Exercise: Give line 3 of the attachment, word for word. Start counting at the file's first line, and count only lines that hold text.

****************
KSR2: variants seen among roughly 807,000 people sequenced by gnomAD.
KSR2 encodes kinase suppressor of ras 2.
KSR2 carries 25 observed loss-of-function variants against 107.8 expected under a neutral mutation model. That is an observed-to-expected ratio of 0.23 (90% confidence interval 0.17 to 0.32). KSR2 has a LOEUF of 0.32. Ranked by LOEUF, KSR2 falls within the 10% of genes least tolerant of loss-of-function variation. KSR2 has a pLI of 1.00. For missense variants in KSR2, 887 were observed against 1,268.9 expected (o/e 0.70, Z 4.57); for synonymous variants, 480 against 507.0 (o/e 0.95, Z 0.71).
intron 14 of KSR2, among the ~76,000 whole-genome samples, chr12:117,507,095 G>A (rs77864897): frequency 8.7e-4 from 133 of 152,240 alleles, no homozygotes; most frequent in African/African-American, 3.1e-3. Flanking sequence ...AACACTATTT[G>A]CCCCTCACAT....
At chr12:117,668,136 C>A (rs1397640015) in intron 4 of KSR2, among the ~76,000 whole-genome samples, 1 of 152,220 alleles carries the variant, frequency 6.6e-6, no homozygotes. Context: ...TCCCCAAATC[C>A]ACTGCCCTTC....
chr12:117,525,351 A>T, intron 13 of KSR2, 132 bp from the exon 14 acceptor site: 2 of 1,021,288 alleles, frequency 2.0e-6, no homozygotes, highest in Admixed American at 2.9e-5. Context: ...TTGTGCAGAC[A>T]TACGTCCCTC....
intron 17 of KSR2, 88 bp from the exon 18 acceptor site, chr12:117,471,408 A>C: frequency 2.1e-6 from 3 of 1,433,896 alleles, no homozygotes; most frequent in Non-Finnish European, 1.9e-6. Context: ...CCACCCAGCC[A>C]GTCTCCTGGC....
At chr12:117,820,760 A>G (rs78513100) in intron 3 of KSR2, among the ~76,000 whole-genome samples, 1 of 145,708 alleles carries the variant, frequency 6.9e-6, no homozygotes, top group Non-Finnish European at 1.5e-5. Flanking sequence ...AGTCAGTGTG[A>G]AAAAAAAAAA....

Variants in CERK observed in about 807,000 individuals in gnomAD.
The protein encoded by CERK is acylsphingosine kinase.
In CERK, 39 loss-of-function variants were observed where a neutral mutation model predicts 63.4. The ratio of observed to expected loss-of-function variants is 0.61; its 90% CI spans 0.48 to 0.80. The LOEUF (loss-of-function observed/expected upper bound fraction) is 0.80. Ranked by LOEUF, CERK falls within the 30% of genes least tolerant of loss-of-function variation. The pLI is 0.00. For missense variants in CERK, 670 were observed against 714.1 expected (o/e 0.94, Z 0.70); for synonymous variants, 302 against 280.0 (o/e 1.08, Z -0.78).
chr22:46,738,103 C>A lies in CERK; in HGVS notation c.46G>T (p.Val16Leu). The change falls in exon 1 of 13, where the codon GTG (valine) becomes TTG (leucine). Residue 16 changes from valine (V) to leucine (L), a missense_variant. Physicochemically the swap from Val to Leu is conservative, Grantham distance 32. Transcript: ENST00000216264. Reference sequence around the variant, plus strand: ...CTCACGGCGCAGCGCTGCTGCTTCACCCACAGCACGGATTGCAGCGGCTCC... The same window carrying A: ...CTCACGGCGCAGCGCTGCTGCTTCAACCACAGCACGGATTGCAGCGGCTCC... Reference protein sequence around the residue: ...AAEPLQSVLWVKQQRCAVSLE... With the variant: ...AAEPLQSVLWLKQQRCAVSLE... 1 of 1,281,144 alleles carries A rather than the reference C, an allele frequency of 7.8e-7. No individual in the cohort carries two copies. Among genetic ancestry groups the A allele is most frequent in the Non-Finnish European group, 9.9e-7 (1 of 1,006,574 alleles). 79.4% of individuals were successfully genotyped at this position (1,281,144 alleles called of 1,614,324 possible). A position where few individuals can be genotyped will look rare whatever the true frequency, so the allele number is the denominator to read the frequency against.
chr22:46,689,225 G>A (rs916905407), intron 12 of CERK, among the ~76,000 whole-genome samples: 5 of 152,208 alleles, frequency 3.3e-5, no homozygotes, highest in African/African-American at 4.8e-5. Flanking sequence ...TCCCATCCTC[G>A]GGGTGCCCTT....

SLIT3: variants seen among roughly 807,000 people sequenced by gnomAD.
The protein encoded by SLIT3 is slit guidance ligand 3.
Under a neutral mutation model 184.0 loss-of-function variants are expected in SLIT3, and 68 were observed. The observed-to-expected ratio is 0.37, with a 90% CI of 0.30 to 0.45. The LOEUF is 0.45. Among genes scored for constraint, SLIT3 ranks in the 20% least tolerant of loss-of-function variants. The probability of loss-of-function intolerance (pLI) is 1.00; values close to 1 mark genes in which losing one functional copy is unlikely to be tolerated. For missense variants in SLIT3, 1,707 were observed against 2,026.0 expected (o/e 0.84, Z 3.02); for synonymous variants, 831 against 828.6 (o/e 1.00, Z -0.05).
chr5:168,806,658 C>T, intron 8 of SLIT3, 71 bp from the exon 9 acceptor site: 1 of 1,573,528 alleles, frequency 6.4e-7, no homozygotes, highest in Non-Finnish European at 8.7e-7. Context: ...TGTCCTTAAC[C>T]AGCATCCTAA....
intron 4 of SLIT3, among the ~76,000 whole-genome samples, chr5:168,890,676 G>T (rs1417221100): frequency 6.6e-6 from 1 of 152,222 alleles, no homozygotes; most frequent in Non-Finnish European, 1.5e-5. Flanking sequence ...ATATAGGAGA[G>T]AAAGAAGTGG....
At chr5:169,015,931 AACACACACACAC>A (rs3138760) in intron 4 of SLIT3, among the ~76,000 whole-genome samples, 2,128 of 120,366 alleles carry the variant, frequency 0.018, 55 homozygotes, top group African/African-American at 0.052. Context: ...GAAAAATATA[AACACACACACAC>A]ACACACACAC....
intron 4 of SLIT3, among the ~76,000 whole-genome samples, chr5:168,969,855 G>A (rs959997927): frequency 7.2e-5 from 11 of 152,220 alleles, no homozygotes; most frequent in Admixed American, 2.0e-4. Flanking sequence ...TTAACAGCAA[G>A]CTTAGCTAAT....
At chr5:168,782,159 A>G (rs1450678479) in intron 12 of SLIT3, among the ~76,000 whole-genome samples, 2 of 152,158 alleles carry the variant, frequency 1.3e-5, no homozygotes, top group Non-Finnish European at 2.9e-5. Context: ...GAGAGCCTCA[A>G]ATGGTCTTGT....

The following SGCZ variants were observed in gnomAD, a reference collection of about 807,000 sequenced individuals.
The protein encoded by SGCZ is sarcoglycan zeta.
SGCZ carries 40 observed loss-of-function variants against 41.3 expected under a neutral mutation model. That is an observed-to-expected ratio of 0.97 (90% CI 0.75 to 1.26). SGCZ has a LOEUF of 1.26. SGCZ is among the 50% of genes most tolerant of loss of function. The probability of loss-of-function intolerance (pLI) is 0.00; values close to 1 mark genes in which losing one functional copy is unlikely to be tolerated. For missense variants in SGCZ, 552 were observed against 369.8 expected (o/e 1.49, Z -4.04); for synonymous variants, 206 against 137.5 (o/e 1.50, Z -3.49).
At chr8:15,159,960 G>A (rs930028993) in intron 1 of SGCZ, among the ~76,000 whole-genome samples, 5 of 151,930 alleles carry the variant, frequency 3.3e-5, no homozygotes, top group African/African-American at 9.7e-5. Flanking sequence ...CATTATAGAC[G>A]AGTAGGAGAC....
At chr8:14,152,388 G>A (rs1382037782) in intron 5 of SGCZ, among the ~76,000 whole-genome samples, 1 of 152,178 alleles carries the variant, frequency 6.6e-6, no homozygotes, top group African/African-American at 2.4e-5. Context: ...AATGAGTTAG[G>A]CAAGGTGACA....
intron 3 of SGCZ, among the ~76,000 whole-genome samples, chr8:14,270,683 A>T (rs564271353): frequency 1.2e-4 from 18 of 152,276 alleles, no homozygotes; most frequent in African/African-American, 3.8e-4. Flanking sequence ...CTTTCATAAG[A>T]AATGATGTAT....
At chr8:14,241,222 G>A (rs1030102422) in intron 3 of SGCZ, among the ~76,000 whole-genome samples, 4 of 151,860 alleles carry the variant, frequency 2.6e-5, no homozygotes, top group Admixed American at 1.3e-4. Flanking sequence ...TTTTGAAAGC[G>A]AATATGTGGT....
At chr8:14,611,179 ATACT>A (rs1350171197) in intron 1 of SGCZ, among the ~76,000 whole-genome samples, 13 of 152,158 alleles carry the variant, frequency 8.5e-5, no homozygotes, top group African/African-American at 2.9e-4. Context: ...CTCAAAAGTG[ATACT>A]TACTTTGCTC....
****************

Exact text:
KSR2 carries 25 observed loss-of-function variants against 107.8 expected under a neutral mutation model. That is an observed-to-expected ratio of 0.23 (90% confidence interval 0.17 to 0.32). KSR2 has a LOEUF of 0.32. Ranked by LOEUF, KSR2 falls within the 10% of genes least tolerant of loss-of-function variation. KSR2 has a pLI of 1.00. For missense variants in KSR2, 887 were observed against 1,268.9 expected (o/e 0.70, Z 4.57); for synonymous variants, 480 against 507.0 (o/e 0.95, Z 0.71).